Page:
"Call it what you will. Glamor, seeming, illusion. R'hllor is Lord of Light, Jon Snow, and it is given to his servants to weave with it, as others weave with thread."
In a plot from the books that we won't see in the TV series, Melisandre is involved in a glamouring. Mance Rayder isn't burned at the stake and she instead disguises him as the Lord of Bones (a.k.a Rattleshirt) by using a magic ruby. The glamoured Mance is eventually captured in a failed rescue mission at Winterfell by Ramsay Bolton, then strung up in a cage outside the battlements, wrapped in human skin — so things don't go much better for him than in the books, anyway!
The books also see Beric Dondarrion (another follower of the Lord of Light) sacrifice himself to resurrect Catelyn Stark. It is also unlikely that this plot will be visited, so could the sacrifice of Melisandre lead to the rebirth of Jon Snow?
Highway To Mel
Signs don't look particularly good for our Red Woman — especially seeing as there is a second one on the horizon. Last year it was reported that Melanie Liburd had been cast as a another Red Priestess. And eagle-eyed viewers will have noticed signs of the Lord of Light as far away as Meereen in the season premiere, when Varys and Tyrion stumble upon a meeting of former Meereen slaves. They appear to be none too happy with their current queen, Daenerys and could be turning to dark magic to resolve their situation. Admittedly, the Wall and Meereen are thousands of miles apart, but two Red Women crossing paths is sure to be explosive.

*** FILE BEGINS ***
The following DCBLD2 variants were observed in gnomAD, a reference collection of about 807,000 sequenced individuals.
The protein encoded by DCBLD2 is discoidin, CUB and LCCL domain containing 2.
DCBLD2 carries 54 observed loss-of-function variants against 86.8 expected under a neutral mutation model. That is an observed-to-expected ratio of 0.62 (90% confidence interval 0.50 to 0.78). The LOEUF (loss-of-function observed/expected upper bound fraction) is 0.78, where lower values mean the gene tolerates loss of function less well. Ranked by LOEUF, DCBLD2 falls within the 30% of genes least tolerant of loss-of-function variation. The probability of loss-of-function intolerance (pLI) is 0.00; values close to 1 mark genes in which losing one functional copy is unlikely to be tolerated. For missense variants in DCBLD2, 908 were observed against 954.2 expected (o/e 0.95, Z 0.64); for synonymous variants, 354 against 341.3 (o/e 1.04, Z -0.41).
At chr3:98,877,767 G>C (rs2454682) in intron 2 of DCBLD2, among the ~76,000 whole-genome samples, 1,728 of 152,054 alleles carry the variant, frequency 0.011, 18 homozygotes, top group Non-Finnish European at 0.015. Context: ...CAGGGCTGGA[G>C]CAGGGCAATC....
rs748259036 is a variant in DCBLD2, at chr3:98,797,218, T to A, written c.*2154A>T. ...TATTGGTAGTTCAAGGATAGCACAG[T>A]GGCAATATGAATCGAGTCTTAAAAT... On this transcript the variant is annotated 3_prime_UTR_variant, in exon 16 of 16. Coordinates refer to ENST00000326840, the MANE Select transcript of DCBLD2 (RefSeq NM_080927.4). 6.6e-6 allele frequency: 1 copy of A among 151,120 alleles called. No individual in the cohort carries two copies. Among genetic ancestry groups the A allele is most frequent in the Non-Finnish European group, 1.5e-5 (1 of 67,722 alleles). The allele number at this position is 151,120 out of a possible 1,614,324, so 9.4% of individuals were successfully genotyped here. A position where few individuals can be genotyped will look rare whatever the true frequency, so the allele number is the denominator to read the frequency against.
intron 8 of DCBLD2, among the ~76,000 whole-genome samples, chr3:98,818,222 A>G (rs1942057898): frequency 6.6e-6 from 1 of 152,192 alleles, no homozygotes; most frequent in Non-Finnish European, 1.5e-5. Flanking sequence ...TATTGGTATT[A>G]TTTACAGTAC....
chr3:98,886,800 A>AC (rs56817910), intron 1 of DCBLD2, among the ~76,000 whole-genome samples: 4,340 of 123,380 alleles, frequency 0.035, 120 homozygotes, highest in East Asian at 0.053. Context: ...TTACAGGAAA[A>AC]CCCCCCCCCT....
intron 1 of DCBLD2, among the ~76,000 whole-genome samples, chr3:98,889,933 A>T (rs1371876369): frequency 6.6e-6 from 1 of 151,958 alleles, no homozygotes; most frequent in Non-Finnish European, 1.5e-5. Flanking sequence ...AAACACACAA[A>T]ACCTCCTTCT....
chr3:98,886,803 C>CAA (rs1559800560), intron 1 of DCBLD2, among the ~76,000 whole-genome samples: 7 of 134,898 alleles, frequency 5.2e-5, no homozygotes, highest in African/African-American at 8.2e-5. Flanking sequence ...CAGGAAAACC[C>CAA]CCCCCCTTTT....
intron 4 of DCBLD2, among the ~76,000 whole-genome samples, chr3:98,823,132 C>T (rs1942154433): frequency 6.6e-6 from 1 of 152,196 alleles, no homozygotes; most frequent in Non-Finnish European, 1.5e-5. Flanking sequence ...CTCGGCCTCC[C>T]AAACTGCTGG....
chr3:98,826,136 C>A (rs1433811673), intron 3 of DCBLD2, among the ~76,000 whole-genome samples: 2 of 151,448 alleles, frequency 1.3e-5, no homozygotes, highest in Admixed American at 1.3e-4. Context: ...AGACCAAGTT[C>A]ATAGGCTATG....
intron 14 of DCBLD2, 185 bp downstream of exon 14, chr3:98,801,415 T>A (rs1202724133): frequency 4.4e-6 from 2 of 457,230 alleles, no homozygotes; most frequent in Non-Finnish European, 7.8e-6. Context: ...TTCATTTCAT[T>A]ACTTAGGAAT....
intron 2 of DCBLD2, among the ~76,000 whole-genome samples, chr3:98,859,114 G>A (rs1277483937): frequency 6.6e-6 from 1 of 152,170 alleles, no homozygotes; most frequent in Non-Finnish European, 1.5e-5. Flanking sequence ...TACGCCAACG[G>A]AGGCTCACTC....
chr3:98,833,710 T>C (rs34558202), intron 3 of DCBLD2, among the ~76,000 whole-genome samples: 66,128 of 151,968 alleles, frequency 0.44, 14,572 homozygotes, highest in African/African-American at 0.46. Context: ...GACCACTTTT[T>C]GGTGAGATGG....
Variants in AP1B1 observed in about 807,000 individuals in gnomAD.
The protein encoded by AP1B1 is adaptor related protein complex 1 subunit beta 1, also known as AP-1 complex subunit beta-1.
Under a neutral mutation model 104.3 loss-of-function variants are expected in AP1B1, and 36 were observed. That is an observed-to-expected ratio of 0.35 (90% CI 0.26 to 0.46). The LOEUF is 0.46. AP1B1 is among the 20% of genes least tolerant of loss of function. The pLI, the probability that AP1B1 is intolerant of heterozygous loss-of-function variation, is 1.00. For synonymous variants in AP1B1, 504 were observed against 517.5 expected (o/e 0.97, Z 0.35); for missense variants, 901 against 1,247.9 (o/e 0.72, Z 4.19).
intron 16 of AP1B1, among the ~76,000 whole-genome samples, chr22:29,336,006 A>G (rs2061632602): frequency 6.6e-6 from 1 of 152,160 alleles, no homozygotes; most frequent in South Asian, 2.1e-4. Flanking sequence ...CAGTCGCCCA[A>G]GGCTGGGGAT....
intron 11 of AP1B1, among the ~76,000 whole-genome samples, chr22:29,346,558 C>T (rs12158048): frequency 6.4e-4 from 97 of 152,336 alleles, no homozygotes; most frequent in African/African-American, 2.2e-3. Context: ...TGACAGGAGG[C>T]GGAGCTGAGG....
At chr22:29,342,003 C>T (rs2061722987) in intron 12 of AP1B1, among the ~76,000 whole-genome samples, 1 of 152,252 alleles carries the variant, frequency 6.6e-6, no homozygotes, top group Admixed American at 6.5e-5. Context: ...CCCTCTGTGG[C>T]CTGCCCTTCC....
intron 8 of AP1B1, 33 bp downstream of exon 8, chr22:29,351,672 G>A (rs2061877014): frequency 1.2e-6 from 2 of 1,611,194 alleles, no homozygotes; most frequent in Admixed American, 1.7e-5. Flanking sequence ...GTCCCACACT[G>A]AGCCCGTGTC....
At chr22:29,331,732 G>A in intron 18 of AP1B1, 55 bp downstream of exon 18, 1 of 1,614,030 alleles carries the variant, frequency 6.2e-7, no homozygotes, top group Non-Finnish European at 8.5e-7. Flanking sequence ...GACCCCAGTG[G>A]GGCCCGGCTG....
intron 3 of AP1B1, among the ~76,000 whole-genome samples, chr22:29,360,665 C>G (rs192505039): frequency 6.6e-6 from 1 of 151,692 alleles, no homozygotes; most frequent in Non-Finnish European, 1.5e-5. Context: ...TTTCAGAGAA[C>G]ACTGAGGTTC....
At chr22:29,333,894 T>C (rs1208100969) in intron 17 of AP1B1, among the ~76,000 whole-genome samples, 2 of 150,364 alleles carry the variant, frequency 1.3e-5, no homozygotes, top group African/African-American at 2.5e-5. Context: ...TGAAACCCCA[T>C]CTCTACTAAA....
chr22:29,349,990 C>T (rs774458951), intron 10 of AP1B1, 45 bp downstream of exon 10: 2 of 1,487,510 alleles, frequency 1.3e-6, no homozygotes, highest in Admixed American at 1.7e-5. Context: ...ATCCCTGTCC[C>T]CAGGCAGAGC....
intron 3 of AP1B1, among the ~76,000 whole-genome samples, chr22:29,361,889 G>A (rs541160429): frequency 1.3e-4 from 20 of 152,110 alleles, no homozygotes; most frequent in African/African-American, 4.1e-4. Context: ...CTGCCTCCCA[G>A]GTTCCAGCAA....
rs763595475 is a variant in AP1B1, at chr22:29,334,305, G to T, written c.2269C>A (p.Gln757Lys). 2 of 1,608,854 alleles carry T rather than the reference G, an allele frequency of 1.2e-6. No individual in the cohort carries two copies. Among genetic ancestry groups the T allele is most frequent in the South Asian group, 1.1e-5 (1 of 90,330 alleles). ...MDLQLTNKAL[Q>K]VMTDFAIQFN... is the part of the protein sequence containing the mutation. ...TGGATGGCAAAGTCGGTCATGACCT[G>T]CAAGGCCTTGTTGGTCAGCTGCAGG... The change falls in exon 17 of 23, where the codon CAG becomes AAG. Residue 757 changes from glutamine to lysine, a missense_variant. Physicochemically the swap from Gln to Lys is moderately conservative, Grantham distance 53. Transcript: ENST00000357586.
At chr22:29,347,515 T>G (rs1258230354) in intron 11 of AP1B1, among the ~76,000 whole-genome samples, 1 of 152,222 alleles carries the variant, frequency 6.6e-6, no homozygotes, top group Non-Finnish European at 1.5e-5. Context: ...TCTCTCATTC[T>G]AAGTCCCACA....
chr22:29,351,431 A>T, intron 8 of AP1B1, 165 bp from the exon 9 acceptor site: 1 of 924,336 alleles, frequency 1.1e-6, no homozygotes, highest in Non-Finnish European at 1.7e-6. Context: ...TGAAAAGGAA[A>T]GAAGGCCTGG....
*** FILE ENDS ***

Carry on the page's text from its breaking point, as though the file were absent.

The jury is still out on how much longer Melisandre can survive on HBO's brutal beat-'em-up. As she gazed into the mirror in her true form, there was a look of sadness on her centuries old face. Admittedly, I would be none too pleased looking like Frances Conroy in American Horror Story, but a sense of foreboding hung over the final scene, possible marking the beginning of the end for van Houten's character.
Stannis Baratheon's corpse lies in the woods outside Winterfell while Jon Snow is on a slab. Things aren't looking great for the support camp of Melisandre and you almost (almost) find yourself feeling sorry for the Lord of Light's most devoted servant. Only time will tell if Mel makes it to Winterfell, but here's me thinking it's about to be morning on that night that is so long and full of terrors.